Sunday, July 29, 2007

Sunday sermon (I) ...

... Hitchens’ Hubris. (Hat tip, Dave Lull.)

This is worth noting:
The main arguments that Hitchens offers against Christianity are that evolution explains the origin of life on earth, that portions of the Bible are not literally true, and that the four Gospels are not mathematical reproductions of each other. These arguments don’t get Hitchens where he wants to go. Many eminent Christians have seen no contradiction between evolution and their belief. John Paul II stated that evolution was “more than a hypothesis,” and Cardinal Newman wrote shortly after the publication of Darwin’s work that “Mr. Darwin’s theory need not be atheistical, be it true or not; it may simply be suggesting a larger idea of Divine Prescience and skill.” Newman also echoed the Thomistic belief that reason and revelation are complementary, not antagonistic, in words all Christians should take to heart: “if anything seems to be proved by astronomer or geologist, or chronologist, or antiquarian, or ethnologist, in contradiction to the dogmas of faith, that point will eventually turn out, first, not to be proved, or secondly, not contradictory, or thirdly, not contradictory to any thing really revealed, but to something which has been confused with revelation.”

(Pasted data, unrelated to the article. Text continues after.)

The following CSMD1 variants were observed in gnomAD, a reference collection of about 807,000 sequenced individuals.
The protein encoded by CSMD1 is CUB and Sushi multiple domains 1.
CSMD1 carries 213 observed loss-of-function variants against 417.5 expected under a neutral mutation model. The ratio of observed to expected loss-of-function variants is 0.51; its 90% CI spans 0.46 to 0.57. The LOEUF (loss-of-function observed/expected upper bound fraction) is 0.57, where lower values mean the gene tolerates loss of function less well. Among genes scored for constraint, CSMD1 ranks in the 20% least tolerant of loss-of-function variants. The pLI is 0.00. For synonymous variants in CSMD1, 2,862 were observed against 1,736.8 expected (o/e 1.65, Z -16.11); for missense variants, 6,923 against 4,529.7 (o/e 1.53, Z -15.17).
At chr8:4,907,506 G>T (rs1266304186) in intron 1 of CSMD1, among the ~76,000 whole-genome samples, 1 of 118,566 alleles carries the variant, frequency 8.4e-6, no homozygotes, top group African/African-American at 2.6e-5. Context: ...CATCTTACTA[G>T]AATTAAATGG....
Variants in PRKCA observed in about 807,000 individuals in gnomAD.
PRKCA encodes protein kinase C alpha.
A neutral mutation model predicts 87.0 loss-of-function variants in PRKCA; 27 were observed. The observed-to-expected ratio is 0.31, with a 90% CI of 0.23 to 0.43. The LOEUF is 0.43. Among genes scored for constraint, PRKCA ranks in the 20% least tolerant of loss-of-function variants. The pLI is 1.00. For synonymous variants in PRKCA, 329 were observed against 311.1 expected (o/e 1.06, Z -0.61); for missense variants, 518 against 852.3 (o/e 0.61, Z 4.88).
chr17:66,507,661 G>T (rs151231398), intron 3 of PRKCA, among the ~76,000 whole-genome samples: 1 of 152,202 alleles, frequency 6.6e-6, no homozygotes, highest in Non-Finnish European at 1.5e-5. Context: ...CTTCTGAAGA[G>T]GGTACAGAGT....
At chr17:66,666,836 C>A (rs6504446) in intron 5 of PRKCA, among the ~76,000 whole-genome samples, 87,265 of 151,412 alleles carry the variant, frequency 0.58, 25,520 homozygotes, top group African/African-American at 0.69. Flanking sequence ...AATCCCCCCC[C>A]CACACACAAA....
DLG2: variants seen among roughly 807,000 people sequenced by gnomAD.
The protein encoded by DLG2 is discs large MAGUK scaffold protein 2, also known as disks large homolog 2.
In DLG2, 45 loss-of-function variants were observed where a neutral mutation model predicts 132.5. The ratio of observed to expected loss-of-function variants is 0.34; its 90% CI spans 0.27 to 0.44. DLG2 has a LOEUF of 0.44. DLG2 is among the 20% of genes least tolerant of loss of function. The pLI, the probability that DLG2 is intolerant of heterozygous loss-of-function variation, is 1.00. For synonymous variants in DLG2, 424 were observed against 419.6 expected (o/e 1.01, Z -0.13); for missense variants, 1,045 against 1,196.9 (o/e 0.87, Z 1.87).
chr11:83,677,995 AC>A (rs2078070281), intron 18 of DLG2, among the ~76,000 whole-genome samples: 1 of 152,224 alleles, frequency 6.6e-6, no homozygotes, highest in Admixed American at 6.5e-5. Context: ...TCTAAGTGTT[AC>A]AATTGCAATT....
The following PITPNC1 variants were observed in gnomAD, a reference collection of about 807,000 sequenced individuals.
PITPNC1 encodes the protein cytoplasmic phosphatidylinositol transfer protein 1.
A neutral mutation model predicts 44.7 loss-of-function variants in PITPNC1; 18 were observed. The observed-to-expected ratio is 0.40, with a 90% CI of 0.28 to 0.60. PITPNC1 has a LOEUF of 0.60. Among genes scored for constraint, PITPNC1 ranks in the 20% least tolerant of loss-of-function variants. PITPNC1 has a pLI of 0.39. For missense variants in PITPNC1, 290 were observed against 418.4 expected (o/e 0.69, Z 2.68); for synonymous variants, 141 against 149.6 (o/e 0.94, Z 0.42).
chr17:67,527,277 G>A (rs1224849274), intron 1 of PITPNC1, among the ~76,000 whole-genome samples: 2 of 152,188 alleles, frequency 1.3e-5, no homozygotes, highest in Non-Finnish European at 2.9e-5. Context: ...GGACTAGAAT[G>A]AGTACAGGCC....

And long before Newman or John Paul, such important figures as St. Augustine and St. Jerome looked to the Old Testament not primarily for historical or scientific knowledge, but to see how it pointed the way to Christ. Indeed, Augustine speculated that different species of animals were not the result of separate miraculous acts of creation, as a literal reading of Genesis would suggest, but the result of a process in which the conditions for life created by God gradually became operative.

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